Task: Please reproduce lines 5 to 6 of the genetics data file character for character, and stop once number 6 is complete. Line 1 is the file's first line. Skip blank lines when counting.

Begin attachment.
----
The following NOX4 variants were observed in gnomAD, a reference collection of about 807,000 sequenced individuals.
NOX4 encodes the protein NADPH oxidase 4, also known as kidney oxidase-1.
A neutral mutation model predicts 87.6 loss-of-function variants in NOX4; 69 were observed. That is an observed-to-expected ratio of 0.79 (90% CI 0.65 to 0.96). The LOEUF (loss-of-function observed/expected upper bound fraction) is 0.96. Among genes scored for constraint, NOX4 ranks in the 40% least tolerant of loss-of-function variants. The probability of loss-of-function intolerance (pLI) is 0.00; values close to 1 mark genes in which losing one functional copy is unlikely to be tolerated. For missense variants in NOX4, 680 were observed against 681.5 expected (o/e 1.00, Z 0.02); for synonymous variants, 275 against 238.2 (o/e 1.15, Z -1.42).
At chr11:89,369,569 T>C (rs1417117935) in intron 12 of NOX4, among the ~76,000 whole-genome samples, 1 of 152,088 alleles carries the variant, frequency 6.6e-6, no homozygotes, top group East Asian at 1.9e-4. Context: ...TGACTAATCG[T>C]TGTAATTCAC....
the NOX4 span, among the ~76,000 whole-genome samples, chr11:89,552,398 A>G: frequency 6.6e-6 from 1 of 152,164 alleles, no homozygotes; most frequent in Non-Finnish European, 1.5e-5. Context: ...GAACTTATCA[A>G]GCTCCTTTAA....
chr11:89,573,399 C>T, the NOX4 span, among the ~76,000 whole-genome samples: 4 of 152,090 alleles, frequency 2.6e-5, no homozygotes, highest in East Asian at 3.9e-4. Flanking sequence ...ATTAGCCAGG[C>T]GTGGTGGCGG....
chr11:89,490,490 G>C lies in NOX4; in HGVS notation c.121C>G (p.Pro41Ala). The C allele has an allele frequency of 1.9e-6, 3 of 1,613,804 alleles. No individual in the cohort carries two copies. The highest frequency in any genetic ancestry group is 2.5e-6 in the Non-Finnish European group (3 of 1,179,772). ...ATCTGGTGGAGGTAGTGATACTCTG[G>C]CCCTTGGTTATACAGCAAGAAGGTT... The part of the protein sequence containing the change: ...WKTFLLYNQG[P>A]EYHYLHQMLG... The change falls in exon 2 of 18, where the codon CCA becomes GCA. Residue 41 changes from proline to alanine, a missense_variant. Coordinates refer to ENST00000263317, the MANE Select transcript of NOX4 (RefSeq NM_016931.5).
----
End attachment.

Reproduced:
the NOX4 span, among the ~76,000 whole-genome samples, chr11:89,552,398 A>G: frequency 6.6e-6 from 1 of 152,164 alleles, no homozygotes; most frequent in Non-Finnish European, 1.5e-5. Context: ...GAACTTATCA[A>G]GCTCCTTTAA....
chr11:89,573,399 C>T, the NOX4 span, among the ~76,000 whole-genome samples: 4 of 152,090 alleles, frequency 2.6e-5, no homozygotes, highest in East Asian at 3.9e-4. Flanking sequence ...ATTAGCCAGG[C>T]GTGGTGGCGG....